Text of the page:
• Works well with the tidyverse (i.e. tibbles)

  • Simple API makes Machine Learning easy

Our strategy will be to implement 3 modeling approaches:

  1. Linear Regression – Linear, Explainable (Baseline)
  2. Decision Tree
    • Pros: Non-Linear, Explainable.
    • Cons: Lower Performance
  3. XGBoost
    • Pros: Non-Linear, High Performance
    • Cons: Less Explainable

3.8.1 Linear Regression (Baseline)

We’ll create the linear regression model using the linear_reg() function setting the mode to “regression”. We use the set_engine() function to set the linear regression engine to lm() from the stats library. Finally, we fit() the model to the training data specifying “Enrollments” as our target. We drop the “row_id” field from the data since this is a unique ID that will not help the model.

model_01_lm <- linear_reg("regression") %>%
    set_engine("lm") %>%
    fit(Enrollments ~ ., data = train_tbl %>% select(-row_id))

Next, we can make predictions on the test set using predict(). We bind the predictions with the actual values (“Enrollments” from the test set). Then we calculate the error metrics using metrics() from the yardstick package. We can see that the model is off by about +/-19 Enrollments on average.

# knitr::kable() used for pretty tables
model_01_lm %>%
    predict(new_data = test_tbl) %>%
    bind_cols(test_tbl %>% select(Enrollments)) %>%
    metrics(truth = Enrollments, estimate = .pred) %>%
    knitr::kable()
.metric .estimator .estimate
rmse standard 26.0634680
rsq standard 0.0636897
mae standard 19.4039158

We can investigate the predictions by visualizing them using ggplot2. After formatting and plotting the data, we can see that the model had an issue with Observation 7, which is likely the reason for the low R-squared value (test set).

model_01_lm %>%
    # Format Data
    predict(test_tbl) %>%
    bind_cols(test_tbl %>% select(Enrollments)) %>%
    mutate(observation = row_number() %>% as.character()) %>%
    gather(key = "key", value = "value", -observation, factor_key = TRUE) %>%
    
    # Visualize
    ggplot(aes(x = observation, y = value, color = key)) +
    geom_point() +
    expand_limits(y = 0) +
    theme_tq() +
    scale_color_tq() +
    labs(title = "Enrollments: Prediction vs Actual",
         subtitle = "Model 01: Linear Regression (Baseline)")

plot of chunk unnamed-chunk-17

Ok, so the most important question is what’s driving the model. We can use the tidy() function from the broom package to help. This gets us the model estimates. We can arrange by “p.value” to get an idea of how important the model terms are. Clicks, Pageviews, and Experiment are judged strong predictors with a p-value less than 0.05. However, we want to try out other modeling techniques to judge this. We note that the coefficient of Experiment is -17.6, and because the term is binary (0 or 1) this can be interpreted as decreasing Enrollments by -17.6 per day when the Experiment is run.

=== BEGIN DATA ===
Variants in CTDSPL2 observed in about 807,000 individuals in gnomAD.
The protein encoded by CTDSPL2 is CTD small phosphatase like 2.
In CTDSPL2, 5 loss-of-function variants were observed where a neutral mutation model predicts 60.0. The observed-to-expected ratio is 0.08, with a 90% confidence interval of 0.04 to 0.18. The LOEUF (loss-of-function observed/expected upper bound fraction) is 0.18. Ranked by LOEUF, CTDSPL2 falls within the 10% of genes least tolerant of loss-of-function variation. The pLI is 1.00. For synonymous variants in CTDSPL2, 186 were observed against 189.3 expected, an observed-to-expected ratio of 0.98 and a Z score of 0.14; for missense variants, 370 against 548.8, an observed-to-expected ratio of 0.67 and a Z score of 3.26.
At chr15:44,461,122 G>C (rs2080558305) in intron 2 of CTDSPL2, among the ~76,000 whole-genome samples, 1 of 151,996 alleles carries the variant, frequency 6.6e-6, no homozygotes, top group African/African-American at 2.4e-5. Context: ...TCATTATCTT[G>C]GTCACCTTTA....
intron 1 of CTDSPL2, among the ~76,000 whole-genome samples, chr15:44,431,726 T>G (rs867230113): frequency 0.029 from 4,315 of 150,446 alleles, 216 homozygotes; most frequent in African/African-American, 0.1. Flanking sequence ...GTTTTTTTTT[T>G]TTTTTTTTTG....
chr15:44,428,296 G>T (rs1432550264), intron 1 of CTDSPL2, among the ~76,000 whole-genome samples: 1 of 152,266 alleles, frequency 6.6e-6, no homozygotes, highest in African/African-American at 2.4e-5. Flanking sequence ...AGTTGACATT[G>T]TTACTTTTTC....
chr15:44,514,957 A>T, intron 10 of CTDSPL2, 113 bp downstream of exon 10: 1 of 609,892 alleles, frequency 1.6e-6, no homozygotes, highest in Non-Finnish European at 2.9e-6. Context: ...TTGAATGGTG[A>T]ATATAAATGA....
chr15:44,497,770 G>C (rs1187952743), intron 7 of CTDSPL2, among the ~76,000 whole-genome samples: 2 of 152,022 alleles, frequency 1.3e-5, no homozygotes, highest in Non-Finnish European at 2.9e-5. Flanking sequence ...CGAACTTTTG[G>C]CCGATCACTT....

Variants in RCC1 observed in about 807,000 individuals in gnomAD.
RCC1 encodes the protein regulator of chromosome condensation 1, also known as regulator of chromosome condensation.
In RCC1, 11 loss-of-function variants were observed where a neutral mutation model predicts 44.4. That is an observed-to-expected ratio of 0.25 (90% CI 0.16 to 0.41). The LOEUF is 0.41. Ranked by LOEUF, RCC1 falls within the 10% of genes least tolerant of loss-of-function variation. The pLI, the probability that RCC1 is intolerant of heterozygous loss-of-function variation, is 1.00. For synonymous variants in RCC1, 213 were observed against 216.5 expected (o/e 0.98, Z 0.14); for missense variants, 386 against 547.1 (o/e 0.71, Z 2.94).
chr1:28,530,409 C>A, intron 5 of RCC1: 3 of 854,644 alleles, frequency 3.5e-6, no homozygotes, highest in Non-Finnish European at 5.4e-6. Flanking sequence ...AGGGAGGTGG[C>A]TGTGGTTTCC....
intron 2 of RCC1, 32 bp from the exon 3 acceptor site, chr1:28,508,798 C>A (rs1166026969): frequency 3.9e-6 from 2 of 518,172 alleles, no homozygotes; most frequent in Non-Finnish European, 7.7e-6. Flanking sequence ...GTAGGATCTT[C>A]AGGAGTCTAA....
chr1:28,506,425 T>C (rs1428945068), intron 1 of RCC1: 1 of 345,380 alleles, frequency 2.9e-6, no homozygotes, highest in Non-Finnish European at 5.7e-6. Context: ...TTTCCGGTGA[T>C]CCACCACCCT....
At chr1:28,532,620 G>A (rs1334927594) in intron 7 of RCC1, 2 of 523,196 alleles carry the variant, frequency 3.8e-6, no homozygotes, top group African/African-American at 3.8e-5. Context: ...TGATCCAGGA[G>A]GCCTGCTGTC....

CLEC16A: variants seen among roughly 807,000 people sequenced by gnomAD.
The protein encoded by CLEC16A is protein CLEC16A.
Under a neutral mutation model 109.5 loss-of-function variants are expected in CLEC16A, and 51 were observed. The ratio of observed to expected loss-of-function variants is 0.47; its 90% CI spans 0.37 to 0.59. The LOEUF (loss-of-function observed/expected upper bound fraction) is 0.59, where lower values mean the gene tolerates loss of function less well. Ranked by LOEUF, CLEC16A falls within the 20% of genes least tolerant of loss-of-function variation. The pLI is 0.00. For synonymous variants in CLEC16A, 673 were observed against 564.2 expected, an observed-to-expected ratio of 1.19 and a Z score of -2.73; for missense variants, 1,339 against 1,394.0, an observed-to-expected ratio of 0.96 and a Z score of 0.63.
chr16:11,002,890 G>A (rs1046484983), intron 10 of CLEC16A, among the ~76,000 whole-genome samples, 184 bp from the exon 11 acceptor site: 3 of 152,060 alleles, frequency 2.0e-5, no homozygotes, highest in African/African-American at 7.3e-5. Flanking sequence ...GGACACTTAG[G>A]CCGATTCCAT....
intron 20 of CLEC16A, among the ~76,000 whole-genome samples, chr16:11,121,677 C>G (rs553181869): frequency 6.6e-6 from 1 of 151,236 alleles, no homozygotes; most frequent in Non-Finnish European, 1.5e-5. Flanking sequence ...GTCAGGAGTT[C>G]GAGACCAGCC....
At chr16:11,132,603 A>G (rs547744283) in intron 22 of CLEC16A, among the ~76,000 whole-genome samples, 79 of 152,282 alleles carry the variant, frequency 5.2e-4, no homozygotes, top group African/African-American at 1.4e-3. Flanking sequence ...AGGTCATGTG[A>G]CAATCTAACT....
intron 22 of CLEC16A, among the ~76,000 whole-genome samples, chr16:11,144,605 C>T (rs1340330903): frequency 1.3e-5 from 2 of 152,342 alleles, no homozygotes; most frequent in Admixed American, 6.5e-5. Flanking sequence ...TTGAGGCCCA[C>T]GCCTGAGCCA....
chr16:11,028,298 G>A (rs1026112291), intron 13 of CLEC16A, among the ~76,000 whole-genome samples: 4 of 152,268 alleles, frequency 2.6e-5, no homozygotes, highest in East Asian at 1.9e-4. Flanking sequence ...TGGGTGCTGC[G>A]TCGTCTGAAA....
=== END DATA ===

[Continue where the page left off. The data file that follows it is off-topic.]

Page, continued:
linear_regression_model_terms_tbl <- model_01_lm$fit %>%
    tidy() %>%
    arrange(p.value) %>%
    mutate(term = as_factor(term) %>% fct_rev()) 

# knitr::kable() used for pretty tables
linear_regression_model_terms_tbl %>% knitr::kable()
term estimate std.error statistic p.value
Clicks -0.5788150 0.1323455 -4.3735162 0.0001533
Pageviews 0.0503213 0.0148314 3.3928928 0.0020803
Experiment -17.5541754 7.6074013 -2.3075127 0.0286325
(Intercept) 134.7873196 79.5652606 1.6940474 0.1013534
DOWMon 25.4287578 17.4786746 1.4548447 0.1568322
DOWThu -17.4230930 15.8000716 -1.1027224 0.2795358
DOWWed 12.4235287 14.5532451 0.8536604 0.4005376
DOWSat -11.0150158 15.5347097 -0.7090584 0.4841509
DOWFri 8.5195293 14.2637448 0.5972856 0.5551166
DOWTue -0.7023031 16.7661840 -0.0418881 0.9668852

We can visualize the importance separating “p.values” of 0.05 with a red dotted line.

linear_regression_model_terms_tbl %>%
    ggplot(aes(x = p.value, y = term)) +
    geom_point(color = "#2C3E50") +
    geom_vline(xintercept = 0.05, linetype = 2, color = "red") +
    theme_tq() +
    labs(title = "Feature Importance",
         subtitle = "Model 01: Linear Regression (Baseline)")

plot of chunk unnamed-chunk-19

Key Points:

  • Our model is on average off by +/-19 enrollments (means absolute error). The test set R-squared is quite low at 0.06.

  • We investigated the predictions to see if there is anything that jumps out at us. The model had an issue with observation 7, which is likely throwing off the R-squared value.

  • We investigated feature importance. Clicks, Pageviews, and Experiment are the most important features. Experiment is 3rd, with a p.value 0.026. Typically this is considered significant.

  • We can also see the term coefficient for Experiment is -17.6 indicating as decreasing Enrollments by -17.6 per day when the Experiment is run.

Before we move onto the next model, we can setup some helper functions to reduce repetitive code.

3.8.2 Helper Functions

We’ll make some helper functions to reduce repetitive code and increase readability. Side-Note – We teach how to create functions and perform iteration in Week 5 of our Business Analysis with R course.

First, we’ll make a simplified metric reporting function, calc_metrics().

calc_metrics <- function(model, new_data) {
    model %>%
        predict(new_data = new_data) %>%
        bind_cols(new_data %>% select(Enrollments)) %>%
        metrics(truth = Enrollments, 
                estimate = .pred)
}

Next we can make a simplified visualization function, plot_predictions().

plot_predictions <- function(model, new_data) {
    
    g <- predict(model, new_data) %>%
        bind_cols(new_data %>% select(Enrollments)) %>%
        mutate(observation = row_number() %>% as.character()) %>%
        gather(key = "key", value = "value", -observation, factor_key = TRUE) %>%
        
        # Visualize
        ggplot(aes(x = observation, y = value, color = key)) +
        geom_point() +
        expand_limits(y = 0) +
        theme_tq() +